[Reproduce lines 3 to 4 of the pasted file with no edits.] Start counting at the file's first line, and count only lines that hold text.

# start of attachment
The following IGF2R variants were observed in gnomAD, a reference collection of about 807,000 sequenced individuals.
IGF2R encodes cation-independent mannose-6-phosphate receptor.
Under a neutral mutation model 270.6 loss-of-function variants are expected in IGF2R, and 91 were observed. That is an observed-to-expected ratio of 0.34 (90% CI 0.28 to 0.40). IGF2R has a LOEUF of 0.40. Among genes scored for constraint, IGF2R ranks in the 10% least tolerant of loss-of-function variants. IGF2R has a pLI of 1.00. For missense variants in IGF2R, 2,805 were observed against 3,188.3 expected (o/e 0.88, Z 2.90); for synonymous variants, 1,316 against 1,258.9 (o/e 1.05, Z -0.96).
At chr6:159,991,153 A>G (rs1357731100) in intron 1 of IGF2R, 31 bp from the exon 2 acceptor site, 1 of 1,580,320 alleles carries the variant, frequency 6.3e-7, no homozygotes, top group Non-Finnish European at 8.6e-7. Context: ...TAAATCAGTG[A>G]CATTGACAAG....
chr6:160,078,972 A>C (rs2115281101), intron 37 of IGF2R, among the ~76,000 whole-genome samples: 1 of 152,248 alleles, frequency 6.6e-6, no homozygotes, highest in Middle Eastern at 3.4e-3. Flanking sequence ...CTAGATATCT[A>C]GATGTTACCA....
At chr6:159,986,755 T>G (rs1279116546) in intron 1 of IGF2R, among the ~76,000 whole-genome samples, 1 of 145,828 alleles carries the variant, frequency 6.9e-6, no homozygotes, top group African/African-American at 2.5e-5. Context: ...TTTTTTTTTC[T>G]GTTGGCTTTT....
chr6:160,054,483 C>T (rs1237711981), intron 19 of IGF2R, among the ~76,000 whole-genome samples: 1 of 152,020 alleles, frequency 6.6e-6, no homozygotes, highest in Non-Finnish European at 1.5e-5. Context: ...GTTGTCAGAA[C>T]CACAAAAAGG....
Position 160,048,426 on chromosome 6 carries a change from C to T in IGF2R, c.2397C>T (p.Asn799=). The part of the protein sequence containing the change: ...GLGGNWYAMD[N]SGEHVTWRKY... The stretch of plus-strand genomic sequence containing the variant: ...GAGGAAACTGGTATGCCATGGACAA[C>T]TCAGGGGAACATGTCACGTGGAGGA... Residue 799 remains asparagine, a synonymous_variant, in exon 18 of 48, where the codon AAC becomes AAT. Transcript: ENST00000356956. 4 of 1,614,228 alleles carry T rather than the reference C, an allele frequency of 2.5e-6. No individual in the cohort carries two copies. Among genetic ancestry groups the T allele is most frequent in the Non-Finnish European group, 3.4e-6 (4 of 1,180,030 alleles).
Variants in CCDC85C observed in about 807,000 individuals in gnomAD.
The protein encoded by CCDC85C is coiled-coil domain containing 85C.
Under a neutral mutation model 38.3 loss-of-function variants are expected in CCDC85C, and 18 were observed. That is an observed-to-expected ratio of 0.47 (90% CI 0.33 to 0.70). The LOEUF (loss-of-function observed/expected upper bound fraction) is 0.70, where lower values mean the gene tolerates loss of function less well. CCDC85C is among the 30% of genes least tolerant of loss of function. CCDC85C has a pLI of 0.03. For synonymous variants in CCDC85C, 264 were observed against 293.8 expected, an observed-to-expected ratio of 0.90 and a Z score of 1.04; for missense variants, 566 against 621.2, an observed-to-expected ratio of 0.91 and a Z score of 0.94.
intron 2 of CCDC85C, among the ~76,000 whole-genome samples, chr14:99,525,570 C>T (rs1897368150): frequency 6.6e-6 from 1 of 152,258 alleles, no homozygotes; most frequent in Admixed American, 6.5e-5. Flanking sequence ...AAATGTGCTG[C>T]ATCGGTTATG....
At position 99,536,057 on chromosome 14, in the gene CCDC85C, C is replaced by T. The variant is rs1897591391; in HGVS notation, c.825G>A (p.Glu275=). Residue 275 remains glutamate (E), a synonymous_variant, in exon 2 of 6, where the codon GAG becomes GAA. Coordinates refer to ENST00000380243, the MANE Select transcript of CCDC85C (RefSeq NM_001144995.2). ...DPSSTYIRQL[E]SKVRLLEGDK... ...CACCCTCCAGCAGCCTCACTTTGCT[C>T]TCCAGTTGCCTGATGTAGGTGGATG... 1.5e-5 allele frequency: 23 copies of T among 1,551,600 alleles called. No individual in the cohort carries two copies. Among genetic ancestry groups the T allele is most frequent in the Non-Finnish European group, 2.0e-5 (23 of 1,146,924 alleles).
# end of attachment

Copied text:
Under a neutral mutation model 270.6 loss-of-function variants are expected in IGF2R, and 91 were observed. That is an observed-to-expected ratio of 0.34 (90% CI 0.28 to 0.40). IGF2R has a LOEUF of 0.40. Among genes scored for constraint, IGF2R ranks in the 10% least tolerant of loss-of-function variants. IGF2R has a pLI of 1.00. For missense variants in IGF2R, 2,805 were observed against 3,188.3 expected (o/e 0.88, Z 2.90); for synonymous variants, 1,316 against 1,258.9 (o/e 1.05, Z -0.96).
At chr6:159,991,153 A>G (rs1357731100) in intron 1 of IGF2R, 31 bp from the exon 2 acceptor site, 1 of 1,580,320 alleles carries the variant, frequency 6.3e-7, no homozygotes, top group Non-Finnish European at 8.6e-7. Context: ...TAAATCAGTG[A>G]CATTGACAAG....